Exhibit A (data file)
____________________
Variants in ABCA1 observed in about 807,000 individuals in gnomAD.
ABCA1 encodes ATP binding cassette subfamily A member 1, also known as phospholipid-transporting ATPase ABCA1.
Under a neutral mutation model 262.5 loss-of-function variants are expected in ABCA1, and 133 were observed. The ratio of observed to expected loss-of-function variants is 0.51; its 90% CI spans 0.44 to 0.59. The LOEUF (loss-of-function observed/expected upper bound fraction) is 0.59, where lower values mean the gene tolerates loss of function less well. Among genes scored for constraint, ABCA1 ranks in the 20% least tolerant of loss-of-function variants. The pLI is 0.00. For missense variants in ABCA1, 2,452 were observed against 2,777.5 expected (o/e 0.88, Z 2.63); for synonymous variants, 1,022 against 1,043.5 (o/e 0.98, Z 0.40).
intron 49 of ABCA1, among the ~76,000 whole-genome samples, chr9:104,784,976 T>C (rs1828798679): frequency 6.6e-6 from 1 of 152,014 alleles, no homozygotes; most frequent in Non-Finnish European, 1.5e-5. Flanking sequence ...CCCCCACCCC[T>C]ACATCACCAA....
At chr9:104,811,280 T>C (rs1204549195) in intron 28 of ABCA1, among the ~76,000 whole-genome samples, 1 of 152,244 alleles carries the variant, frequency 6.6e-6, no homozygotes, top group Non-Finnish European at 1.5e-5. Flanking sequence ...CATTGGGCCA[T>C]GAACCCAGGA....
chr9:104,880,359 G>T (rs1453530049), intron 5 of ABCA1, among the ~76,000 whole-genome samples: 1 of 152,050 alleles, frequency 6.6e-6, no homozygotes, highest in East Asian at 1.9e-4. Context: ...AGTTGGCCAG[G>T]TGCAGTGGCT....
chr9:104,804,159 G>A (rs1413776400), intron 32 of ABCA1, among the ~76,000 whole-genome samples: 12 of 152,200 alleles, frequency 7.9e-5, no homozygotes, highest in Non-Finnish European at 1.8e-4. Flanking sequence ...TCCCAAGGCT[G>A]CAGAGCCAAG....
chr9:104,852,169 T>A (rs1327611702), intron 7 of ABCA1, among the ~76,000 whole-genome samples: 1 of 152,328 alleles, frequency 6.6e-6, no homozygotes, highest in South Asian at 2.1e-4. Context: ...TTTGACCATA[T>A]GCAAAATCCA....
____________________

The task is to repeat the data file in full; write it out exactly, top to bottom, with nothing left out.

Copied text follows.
Variants in ABCA1 observed in about 807,000 individuals in gnomAD.
ABCA1 encodes ATP binding cassette subfamily A member 1, also known as phospholipid-transporting ATPase ABCA1.
Under a neutral mutation model 262.5 loss-of-function variants are expected in ABCA1, and 133 were observed. The ratio of observed to expected loss-of-function variants is 0.51; its 90% CI spans 0.44 to 0.59. The LOEUF (loss-of-function observed/expected upper bound fraction) is 0.59, where lower values mean the gene tolerates loss of function less well. Among genes scored for constraint, ABCA1 ranks in the 20% least tolerant of loss-of-function variants. The pLI is 0.00. For missense variants in ABCA1, 2,452 were observed against 2,777.5 expected (o/e 0.88, Z 2.63); for synonymous variants, 1,022 against 1,043.5 (o/e 0.98, Z 0.40).
intron 49 of ABCA1, among the ~76,000 whole-genome samples, chr9:104,784,976 T>C (rs1828798679): frequency 6.6e-6 from 1 of 152,014 alleles, no homozygotes; most frequent in Non-Finnish European, 1.5e-5. Flanking sequence ...CCCCCACCCC[T>C]ACATCACCAA....
At chr9:104,811,280 T>C (rs1204549195) in intron 28 of ABCA1, among the ~76,000 whole-genome samples, 1 of 152,244 alleles carries the variant, frequency 6.6e-6, no homozygotes, top group Non-Finnish European at 1.5e-5. Flanking sequence ...CATTGGGCCA[T>C]GAACCCAGGA....
chr9:104,880,359 G>T (rs1453530049), intron 5 of ABCA1, among the ~76,000 whole-genome samples: 1 of 152,050 alleles, frequency 6.6e-6, no homozygotes, highest in East Asian at 1.9e-4. Context: ...AGTTGGCCAG[G>T]TGCAGTGGCT....
chr9:104,804,159 G>A (rs1413776400), intron 32 of ABCA1, among the ~76,000 whole-genome samples: 12 of 152,200 alleles, frequency 7.9e-5, no homozygotes, highest in Non-Finnish European at 1.8e-4. Flanking sequence ...TCCCAAGGCT[G>A]CAGAGCCAAG....
chr9:104,852,169 T>A (rs1327611702), intron 7 of ABCA1, among the ~76,000 whole-genome samples: 1 of 152,328 alleles, frequency 6.6e-6, no homozygotes, highest in South Asian at 2.1e-4. Context: ...TTTGACCATA[T>A]GCAAAATCCA....